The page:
Maki Yamazaki – Q&A

Maki is looking away from the camera. She is wearing a black top and has cropped blue hair.
Maki Yamazaki. Image by Brian Hutchison.

Unlimited, with funding from Creative Scotland, is proud to be supporting an extra commission for Tramway’s Unlimited Festival, by artist, musician and games developer, Maki Yamazaki. Ahead of the festival this September, Simon Overington-Hickford, Unlimited Trainee, caught up with Maki to find out more about her practice and her commission, Pioneer[03]…


Simon Overington-Hickford: Hi Maki, it’s great that you will be exhibiting at Tramway. How would you describe your artistic practice?

Maki Yamazaki: Eclectic! Currently I’m creating a video game, but programming is just one portion of the process for me. I also spend a lot of my time writing, making visual art, doing graphic design, composing music and occasionally performing on stage, or creating animations. Games are but one form of artistic expression for me, albeit one that involves many different disciplines, hence my affinity with them as an art form.

Much of my artwork draws from my own experience of being queer, disabled and as a person of colour. My route into games development has been somewhat unconventional. I’ve never worked for a company and most of my practice has been self-taught.

People often ask me how I create so much work in so many different fields, but for me working in different media is a natural extension of my artistic process. For me, the idea often comes first and the consideration of medium in which I work follows.


SOH: So when it comes to approaching this commission what are your personal ambitions for Pioneer[03]?

MY: Although video games are currently at a very exciting stage in their evolution as a medium, many games still tend to target the same narrow audience and glorify violence all too often. I feel that games can be so much more than that.

I want to create art that is enjoyable for audiences that are so often excluded. Creating something that delivers an enjoyable and thought-provoking experience whilst integrating diversity is incredibly important to me. Pioneer[03] is being developed with that ethos in mind.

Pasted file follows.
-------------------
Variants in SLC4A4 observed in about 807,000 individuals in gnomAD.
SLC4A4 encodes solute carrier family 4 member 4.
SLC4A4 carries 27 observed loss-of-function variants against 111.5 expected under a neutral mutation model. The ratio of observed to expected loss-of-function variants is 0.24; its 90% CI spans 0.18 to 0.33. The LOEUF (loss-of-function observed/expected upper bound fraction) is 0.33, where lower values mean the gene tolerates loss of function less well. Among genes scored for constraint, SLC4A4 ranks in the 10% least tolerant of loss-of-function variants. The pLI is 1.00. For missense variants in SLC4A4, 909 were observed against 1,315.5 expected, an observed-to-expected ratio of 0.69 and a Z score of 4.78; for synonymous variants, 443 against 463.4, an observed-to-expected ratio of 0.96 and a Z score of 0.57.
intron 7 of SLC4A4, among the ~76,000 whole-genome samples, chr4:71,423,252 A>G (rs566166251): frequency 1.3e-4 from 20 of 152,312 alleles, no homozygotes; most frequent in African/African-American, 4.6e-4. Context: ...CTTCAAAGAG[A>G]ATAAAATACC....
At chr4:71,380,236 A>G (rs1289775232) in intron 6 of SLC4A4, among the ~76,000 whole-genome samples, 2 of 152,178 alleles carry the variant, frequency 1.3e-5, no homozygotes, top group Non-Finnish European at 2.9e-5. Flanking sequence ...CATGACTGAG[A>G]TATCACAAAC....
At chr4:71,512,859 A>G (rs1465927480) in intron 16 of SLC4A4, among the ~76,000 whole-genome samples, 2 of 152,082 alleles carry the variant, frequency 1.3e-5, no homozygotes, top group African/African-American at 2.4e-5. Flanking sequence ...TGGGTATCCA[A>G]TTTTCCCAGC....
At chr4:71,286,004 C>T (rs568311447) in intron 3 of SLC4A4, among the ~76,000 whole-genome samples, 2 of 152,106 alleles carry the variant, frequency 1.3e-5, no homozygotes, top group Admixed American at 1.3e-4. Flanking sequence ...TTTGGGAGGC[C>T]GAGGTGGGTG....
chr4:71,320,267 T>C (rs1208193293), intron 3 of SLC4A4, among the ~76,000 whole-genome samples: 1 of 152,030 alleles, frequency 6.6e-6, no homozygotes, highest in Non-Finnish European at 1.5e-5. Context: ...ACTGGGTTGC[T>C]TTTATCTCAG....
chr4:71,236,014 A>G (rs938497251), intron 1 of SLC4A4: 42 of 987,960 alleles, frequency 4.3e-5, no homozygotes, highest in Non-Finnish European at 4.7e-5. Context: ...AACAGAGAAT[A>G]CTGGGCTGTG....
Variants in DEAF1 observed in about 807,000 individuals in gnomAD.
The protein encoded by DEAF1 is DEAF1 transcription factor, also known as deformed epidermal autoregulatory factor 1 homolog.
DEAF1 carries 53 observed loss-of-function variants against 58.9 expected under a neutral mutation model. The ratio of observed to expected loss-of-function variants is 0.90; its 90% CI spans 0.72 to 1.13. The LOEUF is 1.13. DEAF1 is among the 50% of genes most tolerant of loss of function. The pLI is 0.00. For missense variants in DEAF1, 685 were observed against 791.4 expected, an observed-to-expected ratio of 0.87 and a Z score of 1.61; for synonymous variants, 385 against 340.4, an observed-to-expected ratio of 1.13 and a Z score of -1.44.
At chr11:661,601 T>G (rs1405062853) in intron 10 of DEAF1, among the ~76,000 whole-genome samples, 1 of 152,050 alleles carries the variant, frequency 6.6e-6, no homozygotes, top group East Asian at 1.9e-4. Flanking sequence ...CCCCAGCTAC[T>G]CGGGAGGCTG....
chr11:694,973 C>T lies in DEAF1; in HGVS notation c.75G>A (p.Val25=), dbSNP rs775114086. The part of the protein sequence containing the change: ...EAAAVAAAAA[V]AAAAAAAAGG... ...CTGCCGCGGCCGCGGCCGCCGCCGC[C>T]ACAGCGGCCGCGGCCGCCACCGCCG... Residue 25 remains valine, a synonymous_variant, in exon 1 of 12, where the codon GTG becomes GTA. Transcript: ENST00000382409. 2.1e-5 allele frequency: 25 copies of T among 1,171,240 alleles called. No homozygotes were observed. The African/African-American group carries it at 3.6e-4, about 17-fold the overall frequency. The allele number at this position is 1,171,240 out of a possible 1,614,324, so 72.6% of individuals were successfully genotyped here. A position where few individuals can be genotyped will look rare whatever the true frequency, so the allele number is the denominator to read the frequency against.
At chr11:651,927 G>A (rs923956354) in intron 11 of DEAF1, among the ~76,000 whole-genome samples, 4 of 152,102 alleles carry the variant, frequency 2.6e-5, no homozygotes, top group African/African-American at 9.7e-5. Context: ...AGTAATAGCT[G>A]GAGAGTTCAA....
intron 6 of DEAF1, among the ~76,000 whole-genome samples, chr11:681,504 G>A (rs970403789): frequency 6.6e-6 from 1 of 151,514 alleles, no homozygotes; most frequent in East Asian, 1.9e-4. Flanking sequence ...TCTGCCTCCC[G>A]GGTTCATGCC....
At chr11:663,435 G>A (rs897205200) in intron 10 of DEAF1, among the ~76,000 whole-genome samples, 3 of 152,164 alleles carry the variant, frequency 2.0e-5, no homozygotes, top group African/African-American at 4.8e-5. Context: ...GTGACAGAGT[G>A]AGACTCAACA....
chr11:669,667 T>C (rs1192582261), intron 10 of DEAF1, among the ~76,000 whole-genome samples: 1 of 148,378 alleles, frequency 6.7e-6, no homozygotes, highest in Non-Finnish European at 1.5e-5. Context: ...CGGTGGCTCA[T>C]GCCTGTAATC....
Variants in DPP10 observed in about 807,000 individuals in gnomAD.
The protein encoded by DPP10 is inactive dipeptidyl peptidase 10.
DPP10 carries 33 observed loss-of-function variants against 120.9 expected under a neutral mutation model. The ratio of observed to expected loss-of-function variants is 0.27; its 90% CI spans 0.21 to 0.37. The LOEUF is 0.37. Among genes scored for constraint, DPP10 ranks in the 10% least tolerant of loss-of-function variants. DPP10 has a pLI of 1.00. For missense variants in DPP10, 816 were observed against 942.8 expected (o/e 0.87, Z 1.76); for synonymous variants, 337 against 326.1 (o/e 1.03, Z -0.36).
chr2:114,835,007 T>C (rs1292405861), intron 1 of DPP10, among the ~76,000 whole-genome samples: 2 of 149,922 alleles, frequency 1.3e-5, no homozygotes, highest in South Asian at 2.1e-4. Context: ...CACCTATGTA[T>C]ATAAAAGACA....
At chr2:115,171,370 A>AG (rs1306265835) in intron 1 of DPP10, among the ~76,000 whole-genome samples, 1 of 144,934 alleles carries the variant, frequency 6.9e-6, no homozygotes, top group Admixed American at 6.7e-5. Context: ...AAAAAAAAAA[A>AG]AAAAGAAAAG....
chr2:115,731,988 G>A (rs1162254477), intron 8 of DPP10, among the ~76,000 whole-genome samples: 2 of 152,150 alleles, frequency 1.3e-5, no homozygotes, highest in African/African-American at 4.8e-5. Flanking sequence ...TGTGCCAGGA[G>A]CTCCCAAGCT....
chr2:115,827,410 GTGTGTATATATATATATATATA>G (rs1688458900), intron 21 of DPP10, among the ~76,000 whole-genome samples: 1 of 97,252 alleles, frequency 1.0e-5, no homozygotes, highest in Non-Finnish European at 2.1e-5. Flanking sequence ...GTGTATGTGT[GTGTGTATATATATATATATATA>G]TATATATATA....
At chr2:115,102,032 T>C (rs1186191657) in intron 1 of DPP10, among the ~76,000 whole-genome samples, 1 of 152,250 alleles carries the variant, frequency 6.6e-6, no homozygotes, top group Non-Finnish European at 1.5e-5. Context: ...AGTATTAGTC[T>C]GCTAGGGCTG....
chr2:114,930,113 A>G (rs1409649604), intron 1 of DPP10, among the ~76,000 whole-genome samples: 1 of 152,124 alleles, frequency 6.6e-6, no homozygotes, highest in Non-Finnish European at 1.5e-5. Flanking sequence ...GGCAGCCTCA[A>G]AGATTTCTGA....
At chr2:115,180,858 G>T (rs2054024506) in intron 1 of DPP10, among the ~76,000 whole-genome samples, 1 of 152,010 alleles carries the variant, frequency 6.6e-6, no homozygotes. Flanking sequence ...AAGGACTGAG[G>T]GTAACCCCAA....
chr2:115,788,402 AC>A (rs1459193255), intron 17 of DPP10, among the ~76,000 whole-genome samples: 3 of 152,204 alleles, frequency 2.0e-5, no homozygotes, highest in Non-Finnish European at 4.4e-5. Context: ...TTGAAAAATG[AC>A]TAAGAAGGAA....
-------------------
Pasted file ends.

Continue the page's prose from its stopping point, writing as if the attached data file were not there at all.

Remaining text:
At this early prototype stage, I’ve had to make a lot of decisions regarding the technical process, which is heavily informed by the creative direction. Now that many of these decisions have been made, I am very much enjoying articulating my vision through the game content.

Something requiring this level of technical detail developed in such a short space of time is always going to be somewhat rough around the edges. However, I hope that audiences will still find Pioneer[03] to be an engaging and fun experience.

Many project milestones have already been reached, but there is plenty more work to be done! With further funding I’ll be able to involve other artists in the creation process and I’m looking forward to seeing how the project will evolve.


SOH: We are looking forward to seeing that too. How have you approached making the project accessible?

MY: Making the game accessible particularly to people with visual impairments has been a core consideration in the creation of Pioneer[03]. So few games are accessible in this way… I really wanted to focus on creating not only an accessible experience, but one that is equally immersive. At first I considered using an existing game engine to speed up the creation process, but found it more effective in terms of access to instead create my own. Much of the development time has gone into the coding so that all elements of the experience support voice acted interfaces.


SOH: It’s so great to hear about high quality art with accessibility being considered from the very start of the process! So, what do the next few weeks involve?

MY: Now that the game engine itself is nearing completion, the next few weeks will focus on merging the technical and artistic aspects of the project. It’s going to be a rather intense few weeks as I’ll be wearing a lot of hats: from recording the audio and voice acting the parts, to creating the visual and written elements, to writing the code that will glue everything together. Normally, this sort of work would be done by an entire team, so I feel very lucky to be working with both a very talented co-writer and an excellent producer.

SOH: We can’t wait to see it!


You can catch Pioneer [03] at Tramway’s Unlimited Festival 15th-25th September 2016. More information here


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